SPITE EAU DE PARFUM
“Mr. Maddox used different ingredients which have an unpleasant scent profile and found intriguing harmonies nonetheless […] This falls right in line with what seems to be the nascent Chronotope aesthetic […] a ‘choose your own adventure’ perfume.”
–Mark Behnke, Colognoisseur
A PERFUME ABOUT ADAPTATION
Spite Eau de Parfum takes place in an imagined garden, a hyperreal timespace where a group of spiteful spirits have gathered for the day. They meet below a lattice dripping with molle jasmine vines, interlaced and connected like synapses, as connected as these congregants are to each other. They haven't met to seethe together, but instead to plot out a plan of action in support of one another.
Shakespeare’s seafaring gender-bender, Viola, is the first of them. She appears as two unique essences made from white rose of York—crystalline rose otto and thick rose absolute—as well as tuberose and orange blossom. There's a third rose material as well, but it's her secret to keep.
Cynara, the mortal who Zeus transformed into a goddess and brought to live as his paramour on Mount Olympus before striking her violently back down to earth, sits in a chair woven from rose vines, with thorns and all, cradling a bouquet of peonies, her relatives. When she hit the soil after her fall from the Mount, she sprouted into the world's first artichoke—fresh and green yet oddly odorous and somewhat fruity, like guava, and covered in tiny thorns. A perfect form to protect her soft heart, represented here by a supple French lavender absolute.
Oscar Wilde, the third congregant, arrives with his signature floral pinned to his lapel: a green carnation, another bit of hyperreality, rendered here via an accord of ruh khus, Iranian galbanum, clipped nasturtium stems and green sacra frankincense.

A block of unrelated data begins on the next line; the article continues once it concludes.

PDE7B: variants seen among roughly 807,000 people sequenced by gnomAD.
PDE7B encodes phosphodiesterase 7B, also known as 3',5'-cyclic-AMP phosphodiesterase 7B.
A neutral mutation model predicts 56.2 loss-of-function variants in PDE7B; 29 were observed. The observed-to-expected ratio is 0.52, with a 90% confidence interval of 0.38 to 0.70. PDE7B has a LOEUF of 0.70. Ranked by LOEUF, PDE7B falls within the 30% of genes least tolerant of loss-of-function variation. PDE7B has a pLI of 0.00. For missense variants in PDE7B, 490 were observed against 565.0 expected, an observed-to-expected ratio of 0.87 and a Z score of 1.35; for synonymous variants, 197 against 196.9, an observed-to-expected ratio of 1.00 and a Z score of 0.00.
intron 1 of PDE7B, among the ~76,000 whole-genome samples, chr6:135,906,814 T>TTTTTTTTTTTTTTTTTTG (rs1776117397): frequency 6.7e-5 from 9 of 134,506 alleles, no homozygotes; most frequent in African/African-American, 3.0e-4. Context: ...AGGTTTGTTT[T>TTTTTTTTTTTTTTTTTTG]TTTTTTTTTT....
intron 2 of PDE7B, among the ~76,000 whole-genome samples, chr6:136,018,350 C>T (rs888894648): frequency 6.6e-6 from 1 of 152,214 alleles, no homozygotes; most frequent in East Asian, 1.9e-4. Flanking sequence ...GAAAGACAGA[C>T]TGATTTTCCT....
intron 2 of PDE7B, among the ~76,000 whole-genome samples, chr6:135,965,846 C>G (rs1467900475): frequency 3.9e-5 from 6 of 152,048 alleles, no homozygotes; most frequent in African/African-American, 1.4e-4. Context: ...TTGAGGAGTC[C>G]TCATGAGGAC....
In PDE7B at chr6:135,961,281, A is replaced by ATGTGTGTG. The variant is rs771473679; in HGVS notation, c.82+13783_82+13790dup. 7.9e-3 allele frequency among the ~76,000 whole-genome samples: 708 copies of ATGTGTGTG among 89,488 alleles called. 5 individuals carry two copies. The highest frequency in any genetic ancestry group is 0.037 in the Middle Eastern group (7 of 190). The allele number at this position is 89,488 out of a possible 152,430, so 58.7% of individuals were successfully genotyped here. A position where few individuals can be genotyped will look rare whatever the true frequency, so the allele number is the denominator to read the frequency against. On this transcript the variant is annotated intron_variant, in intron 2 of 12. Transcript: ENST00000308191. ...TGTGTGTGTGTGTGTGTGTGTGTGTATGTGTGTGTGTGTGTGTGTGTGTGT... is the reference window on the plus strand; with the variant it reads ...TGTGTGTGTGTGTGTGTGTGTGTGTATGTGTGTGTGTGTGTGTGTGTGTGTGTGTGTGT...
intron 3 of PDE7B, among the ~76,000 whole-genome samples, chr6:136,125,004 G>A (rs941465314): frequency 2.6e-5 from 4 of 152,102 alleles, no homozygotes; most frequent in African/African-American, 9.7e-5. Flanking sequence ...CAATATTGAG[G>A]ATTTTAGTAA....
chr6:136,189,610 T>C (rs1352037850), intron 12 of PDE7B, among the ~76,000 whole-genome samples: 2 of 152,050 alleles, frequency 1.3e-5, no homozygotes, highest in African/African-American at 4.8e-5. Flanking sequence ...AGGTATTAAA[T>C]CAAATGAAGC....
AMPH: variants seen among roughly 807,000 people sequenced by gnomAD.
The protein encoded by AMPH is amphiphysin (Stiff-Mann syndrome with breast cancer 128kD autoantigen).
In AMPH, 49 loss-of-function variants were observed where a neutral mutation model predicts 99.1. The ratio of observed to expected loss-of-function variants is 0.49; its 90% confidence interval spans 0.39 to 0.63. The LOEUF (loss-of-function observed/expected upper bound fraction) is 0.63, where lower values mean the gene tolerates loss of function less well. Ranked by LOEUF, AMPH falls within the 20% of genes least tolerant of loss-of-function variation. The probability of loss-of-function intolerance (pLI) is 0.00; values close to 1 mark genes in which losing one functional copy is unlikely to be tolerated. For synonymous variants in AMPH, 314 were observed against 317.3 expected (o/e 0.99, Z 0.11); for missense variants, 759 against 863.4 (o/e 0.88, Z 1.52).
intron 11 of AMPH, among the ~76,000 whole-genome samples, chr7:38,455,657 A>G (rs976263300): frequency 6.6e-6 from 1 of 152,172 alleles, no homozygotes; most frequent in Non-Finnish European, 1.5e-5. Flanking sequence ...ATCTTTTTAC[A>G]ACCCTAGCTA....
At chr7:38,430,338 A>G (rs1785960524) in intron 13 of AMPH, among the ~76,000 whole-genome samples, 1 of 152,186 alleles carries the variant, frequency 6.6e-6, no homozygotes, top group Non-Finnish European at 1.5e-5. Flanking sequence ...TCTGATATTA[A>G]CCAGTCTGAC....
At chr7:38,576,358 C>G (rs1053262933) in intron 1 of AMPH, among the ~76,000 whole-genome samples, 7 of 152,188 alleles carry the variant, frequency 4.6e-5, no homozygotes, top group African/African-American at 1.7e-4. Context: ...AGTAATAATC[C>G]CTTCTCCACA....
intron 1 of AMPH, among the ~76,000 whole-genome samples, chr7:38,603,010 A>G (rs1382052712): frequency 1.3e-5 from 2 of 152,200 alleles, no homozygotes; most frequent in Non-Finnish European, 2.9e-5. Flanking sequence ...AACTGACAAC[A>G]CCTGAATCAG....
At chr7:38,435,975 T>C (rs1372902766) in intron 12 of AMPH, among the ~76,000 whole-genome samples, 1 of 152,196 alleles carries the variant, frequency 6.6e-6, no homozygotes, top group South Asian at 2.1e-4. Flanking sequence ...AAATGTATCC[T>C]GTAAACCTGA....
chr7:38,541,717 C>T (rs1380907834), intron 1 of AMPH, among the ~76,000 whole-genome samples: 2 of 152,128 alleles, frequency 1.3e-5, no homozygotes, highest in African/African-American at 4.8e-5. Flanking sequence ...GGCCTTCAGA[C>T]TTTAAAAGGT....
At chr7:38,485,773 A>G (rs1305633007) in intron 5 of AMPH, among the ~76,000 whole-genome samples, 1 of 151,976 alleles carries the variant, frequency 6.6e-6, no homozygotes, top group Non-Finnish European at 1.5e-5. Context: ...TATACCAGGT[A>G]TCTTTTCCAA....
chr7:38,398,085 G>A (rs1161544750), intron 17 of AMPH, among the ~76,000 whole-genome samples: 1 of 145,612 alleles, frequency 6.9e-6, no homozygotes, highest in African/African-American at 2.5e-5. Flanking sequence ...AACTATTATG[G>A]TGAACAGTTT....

And fourth is Magdalene, who wears the oil of nard, thyme and sandalwood that legends of her say she anointed Christ with during their first meeting. She's also brought along a chrysanthemum, a mandalic symbol of the manner in which tales tend to grow as they repeat themselves over time, especially when those tales are lies. They spread outward and expand. Sometimes, as in her case, they explode.
But Spite, these gatherers know, is wrongly maligned. It is not an altogether negative behavior, but one that exists quite to the contrary. Far more often than not, when we act out of spite, we do so knowing full well that we will personally absorb the cost of a single action's small consequence in order to bring larger adaptive advantages to kinfolk we choose to keep close and want to see thrive. Underneath the exterior, thorny layers of spite, like Cynara's artichoke, lies a soft and nourishing heart. Spite is the garden from which acts of altruism grow.
Spite Eau de Parfum is not an intense variation of Spite Eau de Toilette, but rather a new adaptation and a different fragrance altogether and the second installment in a broader, ongoing series of work exploring the many facets of spiteful urges and their consequences, as well as the situations within which they manifest. Spite Eau de Parfum is compounded at 19% concentration and is vegan. A handcrafted incense, also named Spite, will be available in April.
In the spirit of transparency, customers should be aware that Spite Eau de Parfum contains nutmeg, clove and pimento berry oils in addition to the materials highlighted above. While the parfum is formulated in accordance with usage standards outlined by the International Fragrance Association (IFRA) and all materials are deployed well under IFRA's maximum limits, customers who experience allergic reactions to eugenol and eugenol-containing materials are advised to use care when applying Spite Eau de Parfum directly onto skin.